Let us grant that Elena Kagan is well qualified by intellect, temperament, experience, and judicial philosophy to serve on the Supreme Court. By any fair application of confirmation precedent, she easily deserves to be confirmed.
But her nomination continues a trend – the near elimination of the Court’s geographical diversity — that I fear will, over time, leave the Supreme Court more open to challenge when it makes decisions vindicating the rights of unpopular minorities. With the addition of soon-to-be-Justice Kagan, and the exception of Justice Anthony Kennedy, the Court will consist entirely of justices who spent the vast bulk of their legal careers in the three metropolitan areas served by the US Air and Delta Shuttles: Washington, New York and Boston, with seven justices (all but Kennedy and Sotomayor) serving long stints in Washington government service, and a majority (Scalia, Ginsburg, Sotomayor, Alito and Kagan) raised in or around New York City. This contrasts with the Warren Court, for example, which in its halcyon days included a former Governor of California (Earl Warren), a former Senator from Alabama (Hugo Black), an All-American from Colorado (Byron White), and the former Vice-Mayor of Cincinnati (Potter Stewart), just to name a few.
The continuing “Northeasternerification” of the Supreme Court clearly was not a conscious decision by President Obama or his predecessors. Instead, it is the result of what noted economist Alfred Kahn called “the tyranny of small decisions” in which a series of relatively small decisions (here individual nominations, in the case of Sotomayor and Kagan based on legitimate considerations and superb qualifications) collectively leads to a less-than-ideal result, a Supreme Court markedly lacking in geographical diversity.
My concern is that this lack of geographical diversity will be used by critics to attack Court decisions protecting individual rights and liberties. When the Supreme Court strikes down government action undertaken by duly elected officials – e.g., striking down a law than infringes on freedom of speech, banning official public school prayer, or preventing the Executive Branch from indefinitely detaining a terror suspect without trial – it is acting as a quintessentially anti-democratic, or countermajoritarian, institution. The public accepts unpopular decisions because of faith in the Constitution and in the legitimacy of the Court as an institution. It is this public faith in the Court that may be undermined to some degree by the Court’s lack of geographical diversity.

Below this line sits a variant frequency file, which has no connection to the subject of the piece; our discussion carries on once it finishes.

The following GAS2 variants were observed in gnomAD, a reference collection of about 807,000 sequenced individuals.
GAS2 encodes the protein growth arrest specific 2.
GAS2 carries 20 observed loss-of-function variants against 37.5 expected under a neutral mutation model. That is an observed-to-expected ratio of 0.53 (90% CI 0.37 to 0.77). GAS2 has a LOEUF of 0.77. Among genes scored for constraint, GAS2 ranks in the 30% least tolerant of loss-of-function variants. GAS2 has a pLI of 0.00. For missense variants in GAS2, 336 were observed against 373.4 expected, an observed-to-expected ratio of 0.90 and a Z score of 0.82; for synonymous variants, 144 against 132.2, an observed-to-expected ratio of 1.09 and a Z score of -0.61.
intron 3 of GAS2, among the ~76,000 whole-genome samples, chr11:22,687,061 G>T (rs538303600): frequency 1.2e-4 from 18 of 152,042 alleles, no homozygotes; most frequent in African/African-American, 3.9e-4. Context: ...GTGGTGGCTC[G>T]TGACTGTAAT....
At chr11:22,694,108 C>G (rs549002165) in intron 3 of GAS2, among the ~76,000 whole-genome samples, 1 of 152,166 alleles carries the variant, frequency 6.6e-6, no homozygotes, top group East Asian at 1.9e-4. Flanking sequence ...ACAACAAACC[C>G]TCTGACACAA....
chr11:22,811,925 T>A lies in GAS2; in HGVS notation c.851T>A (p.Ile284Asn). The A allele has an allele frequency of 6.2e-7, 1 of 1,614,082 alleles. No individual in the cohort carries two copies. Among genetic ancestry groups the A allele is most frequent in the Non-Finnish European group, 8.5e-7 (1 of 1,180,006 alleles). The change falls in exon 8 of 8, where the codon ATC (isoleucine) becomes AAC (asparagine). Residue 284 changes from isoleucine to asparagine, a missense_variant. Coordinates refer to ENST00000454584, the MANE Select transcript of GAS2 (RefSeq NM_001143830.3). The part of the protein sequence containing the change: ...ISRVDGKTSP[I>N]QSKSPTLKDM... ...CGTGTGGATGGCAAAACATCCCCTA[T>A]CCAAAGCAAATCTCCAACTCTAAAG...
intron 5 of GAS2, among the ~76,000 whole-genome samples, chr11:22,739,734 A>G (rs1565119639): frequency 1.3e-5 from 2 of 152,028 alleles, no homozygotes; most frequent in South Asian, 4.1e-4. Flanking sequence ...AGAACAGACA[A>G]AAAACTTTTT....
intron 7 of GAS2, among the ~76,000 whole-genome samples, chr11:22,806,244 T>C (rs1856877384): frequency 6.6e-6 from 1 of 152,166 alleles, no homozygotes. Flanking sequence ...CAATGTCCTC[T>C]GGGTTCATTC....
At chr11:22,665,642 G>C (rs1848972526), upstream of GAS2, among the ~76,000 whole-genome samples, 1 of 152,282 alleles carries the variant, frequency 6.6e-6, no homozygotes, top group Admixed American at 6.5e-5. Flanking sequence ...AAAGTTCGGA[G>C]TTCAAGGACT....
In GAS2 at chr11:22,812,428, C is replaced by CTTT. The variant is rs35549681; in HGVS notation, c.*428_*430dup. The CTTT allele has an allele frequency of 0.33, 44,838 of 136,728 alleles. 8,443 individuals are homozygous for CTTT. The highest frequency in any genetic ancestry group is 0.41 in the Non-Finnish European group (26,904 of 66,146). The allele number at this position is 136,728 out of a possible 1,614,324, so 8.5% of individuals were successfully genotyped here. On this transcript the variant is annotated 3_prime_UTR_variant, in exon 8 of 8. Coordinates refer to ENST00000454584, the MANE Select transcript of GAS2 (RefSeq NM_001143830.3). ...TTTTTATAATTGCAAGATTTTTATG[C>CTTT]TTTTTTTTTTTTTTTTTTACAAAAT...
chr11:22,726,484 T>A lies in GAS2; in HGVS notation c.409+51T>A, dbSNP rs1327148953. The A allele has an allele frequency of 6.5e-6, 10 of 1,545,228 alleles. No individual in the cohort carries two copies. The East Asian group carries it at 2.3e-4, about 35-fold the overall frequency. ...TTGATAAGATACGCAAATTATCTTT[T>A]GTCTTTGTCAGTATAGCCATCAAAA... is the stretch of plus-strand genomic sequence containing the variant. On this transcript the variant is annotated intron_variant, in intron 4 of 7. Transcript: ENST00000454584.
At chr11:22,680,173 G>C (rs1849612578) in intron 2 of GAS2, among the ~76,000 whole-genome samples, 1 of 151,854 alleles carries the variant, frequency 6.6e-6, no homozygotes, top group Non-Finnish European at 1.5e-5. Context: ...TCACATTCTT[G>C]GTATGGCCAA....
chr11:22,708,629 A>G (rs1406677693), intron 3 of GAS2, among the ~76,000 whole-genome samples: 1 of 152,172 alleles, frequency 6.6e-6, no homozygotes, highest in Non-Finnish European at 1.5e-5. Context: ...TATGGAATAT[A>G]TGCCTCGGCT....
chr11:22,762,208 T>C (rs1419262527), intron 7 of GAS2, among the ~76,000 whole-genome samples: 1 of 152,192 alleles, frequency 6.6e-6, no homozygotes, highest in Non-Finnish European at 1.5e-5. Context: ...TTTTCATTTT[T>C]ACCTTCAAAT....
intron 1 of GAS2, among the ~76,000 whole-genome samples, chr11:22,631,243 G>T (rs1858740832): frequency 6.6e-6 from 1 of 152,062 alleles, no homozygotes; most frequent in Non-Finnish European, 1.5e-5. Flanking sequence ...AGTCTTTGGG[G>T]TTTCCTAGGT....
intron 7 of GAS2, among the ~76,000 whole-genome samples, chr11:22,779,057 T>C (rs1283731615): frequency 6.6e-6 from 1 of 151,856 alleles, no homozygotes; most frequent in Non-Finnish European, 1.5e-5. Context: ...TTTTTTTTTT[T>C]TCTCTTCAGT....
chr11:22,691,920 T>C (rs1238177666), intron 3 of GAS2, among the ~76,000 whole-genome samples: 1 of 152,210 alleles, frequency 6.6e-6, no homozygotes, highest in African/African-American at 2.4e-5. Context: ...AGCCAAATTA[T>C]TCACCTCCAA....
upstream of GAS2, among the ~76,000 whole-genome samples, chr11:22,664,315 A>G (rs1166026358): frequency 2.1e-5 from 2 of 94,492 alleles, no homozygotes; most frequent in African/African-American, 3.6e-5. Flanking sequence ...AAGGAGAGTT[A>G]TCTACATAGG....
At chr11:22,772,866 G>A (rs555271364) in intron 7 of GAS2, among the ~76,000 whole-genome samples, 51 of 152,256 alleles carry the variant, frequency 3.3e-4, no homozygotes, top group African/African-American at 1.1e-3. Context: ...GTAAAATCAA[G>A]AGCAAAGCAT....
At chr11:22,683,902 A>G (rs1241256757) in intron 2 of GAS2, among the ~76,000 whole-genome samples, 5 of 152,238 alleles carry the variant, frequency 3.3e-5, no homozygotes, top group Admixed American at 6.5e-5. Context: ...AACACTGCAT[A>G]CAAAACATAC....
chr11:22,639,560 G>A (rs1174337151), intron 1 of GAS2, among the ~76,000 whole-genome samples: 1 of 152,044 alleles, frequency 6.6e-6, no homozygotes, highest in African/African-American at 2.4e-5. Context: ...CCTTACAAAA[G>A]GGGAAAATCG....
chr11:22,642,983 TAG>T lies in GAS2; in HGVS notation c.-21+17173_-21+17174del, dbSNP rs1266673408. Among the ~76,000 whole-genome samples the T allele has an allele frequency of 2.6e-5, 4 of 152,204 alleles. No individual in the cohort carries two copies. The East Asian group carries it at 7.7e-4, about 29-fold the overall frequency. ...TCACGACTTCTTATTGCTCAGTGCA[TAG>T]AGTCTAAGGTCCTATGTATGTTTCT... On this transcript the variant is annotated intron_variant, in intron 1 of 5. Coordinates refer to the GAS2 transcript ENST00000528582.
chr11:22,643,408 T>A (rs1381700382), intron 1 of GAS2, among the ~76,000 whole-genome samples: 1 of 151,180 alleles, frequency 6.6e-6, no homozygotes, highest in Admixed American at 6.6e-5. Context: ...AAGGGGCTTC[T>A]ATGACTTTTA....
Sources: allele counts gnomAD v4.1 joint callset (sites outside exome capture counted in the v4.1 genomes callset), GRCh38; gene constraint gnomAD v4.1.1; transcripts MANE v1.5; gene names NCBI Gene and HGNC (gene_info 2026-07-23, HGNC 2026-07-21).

Suppose, for example, that the Olson/Boies challenge to the California anti-gay marriage initiative is successful and the initiative is struck down by the Supreme Court. It is all too likely that critics of such a decision would question why a Court consisting almost exclusively of Northeasterners should be permitted to impose their views (albeit constitutionally-determined) on the rest of the Nation.
It may be argued that because of modern transportation and technology, geographic diversity is less important than it used to be. But in an era of popular dissatisfaction with Washington and Wall Street, it would be a mistake to assume that geographic considerations are unimportant.
Indeed, expect Senate Republicans eager for political gain in the South and the West to make noise about the lack of geographic diversity in Kagan’s upcoming confirmation hearings. The Obama campaign was politically astute when they held the 2008 Democratic Convention in Denver, the center of the increasingly purple Rocky Mountain West. For the Court’s sake, let us hope that this astuteness is brought to bear if and when President Obama gets to make a third Supreme Court nomination.